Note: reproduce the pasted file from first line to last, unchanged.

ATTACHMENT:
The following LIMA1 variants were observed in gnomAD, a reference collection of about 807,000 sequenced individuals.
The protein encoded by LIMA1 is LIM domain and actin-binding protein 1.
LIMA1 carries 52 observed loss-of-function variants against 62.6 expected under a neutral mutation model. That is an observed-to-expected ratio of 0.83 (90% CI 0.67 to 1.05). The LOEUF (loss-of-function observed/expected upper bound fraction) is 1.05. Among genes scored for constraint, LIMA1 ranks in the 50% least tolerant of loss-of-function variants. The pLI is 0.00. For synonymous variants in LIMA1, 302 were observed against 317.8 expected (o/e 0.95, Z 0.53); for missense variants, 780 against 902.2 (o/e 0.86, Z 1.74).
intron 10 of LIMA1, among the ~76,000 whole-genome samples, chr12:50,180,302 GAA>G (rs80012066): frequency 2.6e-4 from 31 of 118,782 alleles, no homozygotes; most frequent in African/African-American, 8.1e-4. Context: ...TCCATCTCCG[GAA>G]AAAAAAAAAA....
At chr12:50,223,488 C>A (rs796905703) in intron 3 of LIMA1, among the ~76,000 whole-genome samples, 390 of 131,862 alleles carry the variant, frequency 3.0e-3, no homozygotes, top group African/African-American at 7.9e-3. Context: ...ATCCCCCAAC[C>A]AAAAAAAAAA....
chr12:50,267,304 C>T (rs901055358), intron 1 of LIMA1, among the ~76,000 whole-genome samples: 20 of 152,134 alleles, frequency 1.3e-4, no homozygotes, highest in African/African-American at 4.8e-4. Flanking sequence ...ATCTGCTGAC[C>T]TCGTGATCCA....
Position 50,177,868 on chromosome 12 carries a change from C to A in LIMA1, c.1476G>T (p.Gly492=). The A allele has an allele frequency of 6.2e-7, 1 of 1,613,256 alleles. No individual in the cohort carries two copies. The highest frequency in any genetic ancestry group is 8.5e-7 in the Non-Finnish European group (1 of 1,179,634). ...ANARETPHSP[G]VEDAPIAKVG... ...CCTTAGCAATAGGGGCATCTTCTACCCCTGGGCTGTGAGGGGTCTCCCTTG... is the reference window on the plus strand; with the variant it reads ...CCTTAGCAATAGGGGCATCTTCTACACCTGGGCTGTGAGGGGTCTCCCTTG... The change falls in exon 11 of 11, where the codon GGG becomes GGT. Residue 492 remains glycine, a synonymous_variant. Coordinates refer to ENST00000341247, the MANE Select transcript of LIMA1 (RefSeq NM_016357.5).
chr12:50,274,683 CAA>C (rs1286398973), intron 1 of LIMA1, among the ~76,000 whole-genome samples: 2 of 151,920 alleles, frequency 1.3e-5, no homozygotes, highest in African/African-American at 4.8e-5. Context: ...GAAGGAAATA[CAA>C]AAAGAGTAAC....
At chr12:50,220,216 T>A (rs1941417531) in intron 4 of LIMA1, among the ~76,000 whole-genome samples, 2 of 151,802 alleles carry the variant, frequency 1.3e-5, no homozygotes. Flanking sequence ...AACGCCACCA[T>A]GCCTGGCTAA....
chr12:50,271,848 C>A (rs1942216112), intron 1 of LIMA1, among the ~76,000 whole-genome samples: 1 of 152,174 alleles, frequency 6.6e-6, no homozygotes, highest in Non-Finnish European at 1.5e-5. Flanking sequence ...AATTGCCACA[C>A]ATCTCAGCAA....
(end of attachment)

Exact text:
The following LIMA1 variants were observed in gnomAD, a reference collection of about 807,000 sequenced individuals.
The protein encoded by LIMA1 is LIM domain and actin-binding protein 1.
LIMA1 carries 52 observed loss-of-function variants against 62.6 expected under a neutral mutation model. That is an observed-to-expected ratio of 0.83 (90% CI 0.67 to 1.05). The LOEUF (loss-of-function observed/expected upper bound fraction) is 1.05. Among genes scored for constraint, LIMA1 ranks in the 50% least tolerant of loss-of-function variants. The pLI is 0.00. For synonymous variants in LIMA1, 302 were observed against 317.8 expected (o/e 0.95, Z 0.53); for missense variants, 780 against 902.2 (o/e 0.86, Z 1.74).
intron 10 of LIMA1, among the ~76,000 whole-genome samples, chr12:50,180,302 GAA>G (rs80012066): frequency 2.6e-4 from 31 of 118,782 alleles, no homozygotes; most frequent in African/African-American, 8.1e-4. Context: ...TCCATCTCCG[GAA>G]AAAAAAAAAA....
At chr12:50,223,488 C>A (rs796905703) in intron 3 of LIMA1, among the ~76,000 whole-genome samples, 390 of 131,862 alleles carry the variant, frequency 3.0e-3, no homozygotes, top group African/African-American at 7.9e-3. Context: ...ATCCCCCAAC[C>A]AAAAAAAAAA....
chr12:50,267,304 C>T (rs901055358), intron 1 of LIMA1, among the ~76,000 whole-genome samples: 20 of 152,134 alleles, frequency 1.3e-4, no homozygotes, highest in African/African-American at 4.8e-4. Flanking sequence ...ATCTGCTGAC[C>T]TCGTGATCCA....
Position 50,177,868 on chromosome 12 carries a change from C to A in LIMA1, c.1476G>T (p.Gly492=). The A allele has an allele frequency of 6.2e-7, 1 of 1,613,256 alleles. No individual in the cohort carries two copies. The highest frequency in any genetic ancestry group is 8.5e-7 in the Non-Finnish European group (1 of 1,179,634). ...ANARETPHSP[G]VEDAPIAKVG... ...CCTTAGCAATAGGGGCATCTTCTACCCCTGGGCTGTGAGGGGTCTCCCTTG... is the reference window on the plus strand; with the variant it reads ...CCTTAGCAATAGGGGCATCTTCTACACCTGGGCTGTGAGGGGTCTCCCTTG... The change falls in exon 11 of 11, where the codon GGG becomes GGT. Residue 492 remains glycine, a synonymous_variant. Coordinates refer to ENST00000341247, the MANE Select transcript of LIMA1 (RefSeq NM_016357.5).
chr12:50,274,683 CAA>C (rs1286398973), intron 1 of LIMA1, among the ~76,000 whole-genome samples: 2 of 151,920 alleles, frequency 1.3e-5, no homozygotes, highest in African/African-American at 4.8e-5. Context: ...GAAGGAAATA[CAA>C]AAAGAGTAAC....
At chr12:50,220,216 T>A (rs1941417531) in intron 4 of LIMA1, among the ~76,000 whole-genome samples, 2 of 151,802 alleles carry the variant, frequency 1.3e-5, no homozygotes. Flanking sequence ...AACGCCACCA[T>A]GCCTGGCTAA....
chr12:50,271,848 C>A (rs1942216112), intron 1 of LIMA1, among the ~76,000 whole-genome samples: 1 of 152,174 alleles, frequency 6.6e-6, no homozygotes, highest in Non-Finnish European at 1.5e-5. Flanking sequence ...AATTGCCACA[C>A]ATCTCAGCAA....